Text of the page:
A$AP Rocky’s stylish debut Long. Live. A$AP backed up the hype
Original release date: 15 January, 2013
In late 2012, every kid on the subway’s favourite rapper had Fuckin’ Problems. There was Kendrick Lamar, basking in the critical glory of good kid, m.A.A.d City. Drake’s chart-topping melodrama was still a good time. And 2 Chainz’s evolution from Tity Boi to a dredger of star collaborations had been sealed. These were the rappers of the day heard rattling out of thunderously loud headphones on public transport. But over the rumbling synth bass of Fuckin’ Problems, none could successfully out-stunt Harlem’s rising prince of haute couture hijinx, A$AP Rocky. A star vehicle of Ocean’s Eleven proportions, the lead single from Rocky’s debut album, Long. Live. A$AP, had actually been rejected by Drake and Kendrick as unsuitable for their own projects. In Lord Flacko’s hands, its cultural potential was realised. Fuckin’ Problems infiltrated the radio, inviting the masses to consider whether their own sexcapades were actually a predicament.
This was the juice Rocky had when he first swaggered out of Uptown via the ever-widening portal of the internet. His 2011 debut mixtape, Live. Love. A$AP, made an eerie online subgenre like cloud rap extremely fashionable. Mixing in southern chopped ‘n’ screwed with his own New York origins, Live. Love. A$AP hinted at a future for rap where physical distances and far-flung styles were bridged by the worldwide web. The project’s artwork instantly joined the pantheon of classic depictions of the American flag, with Rocky in his buttoned-up plaid shirt, addressing the nation with a single puff of weed smoke. There’s rarely any scholarly agreement on who sits on the much-discussed New York hip-hop throne, apart from that one glorious period when The Notorious B.I.G. ruled unchallenged. Rocky, though, looked poised to seize the crown. Off the back of Fuckin’ Problems, Long. Live. A$AP dropped in early 2013 and shot to the top of the Billboard charts.
“That was a big deal,” Clams Casino, who produced much of Live. Love. A$AP before contributing two beats on Long. Live. A$AP, tells me. “The mixtape was free and there was a lot of [critical acclaim]. But when it came to the album, it was like, ‘Alright, that’s an internet artist transitioning to a different level.’ To see that go No. 1 was big.”
It’s funny to look back now and consider that Rocky was under pressure to deliver a hit. RCA had invested $3 million in him on the strength of just a couple of early videos, and the album suffered numerous delays. “The expectations for me are almost unfair, and unrealistic,” Rocky said in 2012 when discussing Fuckin’ Problems, adding, “I just wanted something to really back up that hype.” Accordingly, Long. Live. A$AP has a less unified aesthetic than the swirled purple haze of Live. Love. A$AP, and is more a bundle of great songs with many potential singles. The title is tweaked from the hippy-dippy mantra of the mixtape to an assertion that Rocky and his A$AP crew are eternal. The cover sees the American flag now draped around his body, seen through the filter of VHS tape glitch. The beat for the title track that opens Long. Live. A$AP feels equally skewered, prodding with its bassline and synths that sound like they’re bouncing around a metal room. “I thought I’d probably die in prison/ Expensive taste in women,” he raps, casting a familiar rags to riches story over the music’s crisp chill.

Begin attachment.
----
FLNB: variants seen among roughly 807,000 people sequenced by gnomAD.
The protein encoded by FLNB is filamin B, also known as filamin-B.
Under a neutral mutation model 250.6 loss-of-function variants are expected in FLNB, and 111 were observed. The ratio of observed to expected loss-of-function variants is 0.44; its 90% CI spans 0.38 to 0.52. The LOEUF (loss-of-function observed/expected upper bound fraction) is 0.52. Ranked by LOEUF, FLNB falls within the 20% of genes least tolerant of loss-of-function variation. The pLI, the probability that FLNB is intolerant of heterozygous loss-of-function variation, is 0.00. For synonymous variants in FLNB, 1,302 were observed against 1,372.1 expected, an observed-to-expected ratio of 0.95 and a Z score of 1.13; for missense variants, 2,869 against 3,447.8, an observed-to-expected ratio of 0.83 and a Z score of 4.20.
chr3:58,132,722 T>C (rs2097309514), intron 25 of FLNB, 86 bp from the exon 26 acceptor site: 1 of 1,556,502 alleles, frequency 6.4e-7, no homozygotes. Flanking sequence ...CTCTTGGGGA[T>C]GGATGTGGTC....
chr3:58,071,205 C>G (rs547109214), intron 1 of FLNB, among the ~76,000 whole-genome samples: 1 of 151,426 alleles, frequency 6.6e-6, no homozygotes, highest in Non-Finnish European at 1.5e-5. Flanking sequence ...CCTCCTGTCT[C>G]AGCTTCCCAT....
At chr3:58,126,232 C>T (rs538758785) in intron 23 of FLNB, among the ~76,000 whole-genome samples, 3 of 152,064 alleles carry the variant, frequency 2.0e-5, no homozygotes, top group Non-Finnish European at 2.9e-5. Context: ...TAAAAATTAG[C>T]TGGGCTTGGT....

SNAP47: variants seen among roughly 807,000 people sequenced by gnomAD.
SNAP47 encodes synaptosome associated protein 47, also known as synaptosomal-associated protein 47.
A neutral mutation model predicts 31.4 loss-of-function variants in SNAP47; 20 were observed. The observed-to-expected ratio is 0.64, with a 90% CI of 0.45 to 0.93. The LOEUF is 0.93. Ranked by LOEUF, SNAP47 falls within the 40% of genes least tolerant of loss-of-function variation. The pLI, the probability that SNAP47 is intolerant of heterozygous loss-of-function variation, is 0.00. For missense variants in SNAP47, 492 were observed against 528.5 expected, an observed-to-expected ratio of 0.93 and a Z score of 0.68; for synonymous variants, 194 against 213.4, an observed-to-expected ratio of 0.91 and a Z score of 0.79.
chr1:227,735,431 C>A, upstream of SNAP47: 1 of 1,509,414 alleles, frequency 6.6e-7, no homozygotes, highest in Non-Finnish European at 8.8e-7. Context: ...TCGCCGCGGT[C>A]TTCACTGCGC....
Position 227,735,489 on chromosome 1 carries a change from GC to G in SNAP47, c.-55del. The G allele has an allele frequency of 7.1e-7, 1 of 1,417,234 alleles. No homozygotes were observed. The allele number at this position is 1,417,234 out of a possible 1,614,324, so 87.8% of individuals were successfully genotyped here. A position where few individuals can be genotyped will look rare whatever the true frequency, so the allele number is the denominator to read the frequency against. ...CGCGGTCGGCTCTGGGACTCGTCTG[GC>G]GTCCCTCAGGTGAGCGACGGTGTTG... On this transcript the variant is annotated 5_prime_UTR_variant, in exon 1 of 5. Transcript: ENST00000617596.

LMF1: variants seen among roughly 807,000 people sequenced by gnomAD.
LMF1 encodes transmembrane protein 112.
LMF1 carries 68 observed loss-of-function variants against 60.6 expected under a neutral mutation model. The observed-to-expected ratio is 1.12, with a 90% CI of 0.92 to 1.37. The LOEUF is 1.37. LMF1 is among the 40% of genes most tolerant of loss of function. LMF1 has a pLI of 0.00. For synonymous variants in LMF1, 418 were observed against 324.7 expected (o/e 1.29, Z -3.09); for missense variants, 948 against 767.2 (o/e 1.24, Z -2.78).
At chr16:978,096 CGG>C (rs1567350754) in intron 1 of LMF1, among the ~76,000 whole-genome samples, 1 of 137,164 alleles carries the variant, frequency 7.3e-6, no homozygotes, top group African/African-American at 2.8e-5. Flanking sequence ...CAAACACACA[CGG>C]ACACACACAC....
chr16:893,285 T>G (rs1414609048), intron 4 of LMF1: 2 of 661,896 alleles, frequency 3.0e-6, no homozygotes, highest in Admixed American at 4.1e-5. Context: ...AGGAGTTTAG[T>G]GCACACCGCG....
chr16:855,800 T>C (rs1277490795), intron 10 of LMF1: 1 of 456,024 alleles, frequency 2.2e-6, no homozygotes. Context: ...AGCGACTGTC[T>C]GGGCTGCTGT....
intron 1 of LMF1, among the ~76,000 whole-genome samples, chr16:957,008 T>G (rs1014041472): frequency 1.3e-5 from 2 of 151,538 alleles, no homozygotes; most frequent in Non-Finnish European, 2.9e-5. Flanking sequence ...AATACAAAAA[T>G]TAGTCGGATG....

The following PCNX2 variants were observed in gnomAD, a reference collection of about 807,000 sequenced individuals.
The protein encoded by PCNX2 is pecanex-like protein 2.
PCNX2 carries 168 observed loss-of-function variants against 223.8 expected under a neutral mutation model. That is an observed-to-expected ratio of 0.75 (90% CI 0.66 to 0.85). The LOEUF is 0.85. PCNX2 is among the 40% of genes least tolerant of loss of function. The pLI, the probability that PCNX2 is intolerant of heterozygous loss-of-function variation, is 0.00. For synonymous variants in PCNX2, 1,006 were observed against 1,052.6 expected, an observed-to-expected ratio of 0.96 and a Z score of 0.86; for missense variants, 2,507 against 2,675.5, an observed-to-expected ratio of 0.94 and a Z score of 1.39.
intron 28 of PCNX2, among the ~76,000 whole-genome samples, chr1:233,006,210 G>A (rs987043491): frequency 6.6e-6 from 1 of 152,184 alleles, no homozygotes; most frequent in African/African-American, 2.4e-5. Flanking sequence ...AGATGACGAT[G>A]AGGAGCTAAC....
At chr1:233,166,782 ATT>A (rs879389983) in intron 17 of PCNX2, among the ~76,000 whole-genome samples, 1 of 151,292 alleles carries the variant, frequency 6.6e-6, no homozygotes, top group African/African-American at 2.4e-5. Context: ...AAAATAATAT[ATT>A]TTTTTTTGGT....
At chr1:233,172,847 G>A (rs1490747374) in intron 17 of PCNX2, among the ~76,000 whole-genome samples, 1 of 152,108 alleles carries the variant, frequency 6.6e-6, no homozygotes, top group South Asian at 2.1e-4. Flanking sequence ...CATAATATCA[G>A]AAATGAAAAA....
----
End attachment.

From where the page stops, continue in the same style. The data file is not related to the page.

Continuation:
“When it came to the album, it was like, ‘Alright, that’s an internet artist transitioning to a different level.’ To see that go No. 1 was big” – Clams Casino
Rocky is a charismatic rapper, but his voice is not exactly distinct. His style has a translucent quality, which makes him one of the greatest to rap over hazy cloud rap beats (you only have to look as far as the Clams Casino-produced LVL). It’s not an insult to say that there have been times when I’ve heard Rocky on a track and not been able to put a name to the voice – his spotless flow barely leaves a trace. This ability to move discreetly through beats is why Rocky can successfully appear on wildly opposing tracks, such as the Skrillex-helmed Wild for the Night or the more old school 1 Train. The former is a miracle of a song – nobody has ever bobbed and weaved over Skrillex’s siren synth explosions as effectively as Rocky. Wild for the Night should belong in the fading memories of early 2010s brostep, but in the right settings, it can still trigger an endorphin rush. Conversely, 1 Train is a street rap classic and a superior crew joint to Fuckin’ Problems. Over a beat that sounds summoned from the 36 Chambers, Rocky shares six minutes with a geographically diverse cast: Kendrick, Joey Bada$$, Yelawolf, Danny Brown, Action Bronson and Big K.R.I.T. – one nation under Rocky’s cool.
The record’s original closer was the stunning Suddenly, which sees Rocky kicking back over a drum-free soul vocal sample, no trace of the weight of expectations pressing on his soul. But one edition of Long. Live. A$AP ends with a remix of 2011 song Purple Swag. Featuring Southern heroes Bun B, Paul Wall and Killa Kyleon, it solidified Rocky’s allyship with the region. In 2023, “swag” can feel as antiquated a hip-hop term as “phat” or “flossy.” But nevermind that – Long. Live. A$AP proves what swag really means.